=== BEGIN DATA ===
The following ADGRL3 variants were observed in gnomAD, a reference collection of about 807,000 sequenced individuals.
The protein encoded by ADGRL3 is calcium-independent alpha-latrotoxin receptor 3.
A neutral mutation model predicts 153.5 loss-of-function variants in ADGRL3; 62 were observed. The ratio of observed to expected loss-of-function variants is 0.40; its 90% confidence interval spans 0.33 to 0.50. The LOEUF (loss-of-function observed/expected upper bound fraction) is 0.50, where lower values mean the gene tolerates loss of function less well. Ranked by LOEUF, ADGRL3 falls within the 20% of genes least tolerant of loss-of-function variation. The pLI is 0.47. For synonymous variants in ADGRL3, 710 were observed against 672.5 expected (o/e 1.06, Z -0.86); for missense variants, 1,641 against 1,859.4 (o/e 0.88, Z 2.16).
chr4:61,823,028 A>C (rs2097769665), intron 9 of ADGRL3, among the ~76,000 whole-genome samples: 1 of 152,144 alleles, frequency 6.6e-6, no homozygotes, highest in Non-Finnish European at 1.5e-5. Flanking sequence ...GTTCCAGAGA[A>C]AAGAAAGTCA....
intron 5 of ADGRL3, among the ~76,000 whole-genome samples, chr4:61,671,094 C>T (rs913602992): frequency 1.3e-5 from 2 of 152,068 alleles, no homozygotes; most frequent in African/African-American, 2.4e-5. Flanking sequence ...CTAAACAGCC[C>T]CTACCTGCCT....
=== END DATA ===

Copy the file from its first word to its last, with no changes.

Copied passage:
The following ADGRL3 variants were observed in gnomAD, a reference collection of about 807,000 sequenced individuals.
The protein encoded by ADGRL3 is calcium-independent alpha-latrotoxin receptor 3.
A neutral mutation model predicts 153.5 loss-of-function variants in ADGRL3; 62 were observed. The ratio of observed to expected loss-of-function variants is 0.40; its 90% confidence interval spans 0.33 to 0.50. The LOEUF (loss-of-function observed/expected upper bound fraction) is 0.50, where lower values mean the gene tolerates loss of function less well. Ranked by LOEUF, ADGRL3 falls within the 20% of genes least tolerant of loss-of-function variation. The pLI is 0.47. For synonymous variants in ADGRL3, 710 were observed against 672.5 expected (o/e 1.06, Z -0.86); for missense variants, 1,641 against 1,859.4 (o/e 0.88, Z 2.16).
chr4:61,823,028 A>C (rs2097769665), intron 9 of ADGRL3, among the ~76,000 whole-genome samples: 1 of 152,144 alleles, frequency 6.6e-6, no homozygotes, highest in Non-Finnish European at 1.5e-5. Flanking sequence ...GTTCCAGAGA[A>C]AAGAAAGTCA....
intron 5 of ADGRL3, among the ~76,000 whole-genome samples, chr4:61,671,094 C>T (rs913602992): frequency 1.3e-5 from 2 of 152,068 alleles, no homozygotes; most frequent in African/African-American, 2.4e-5. Flanking sequence ...CTAAACAGCC[C>T]CTACCTGCCT....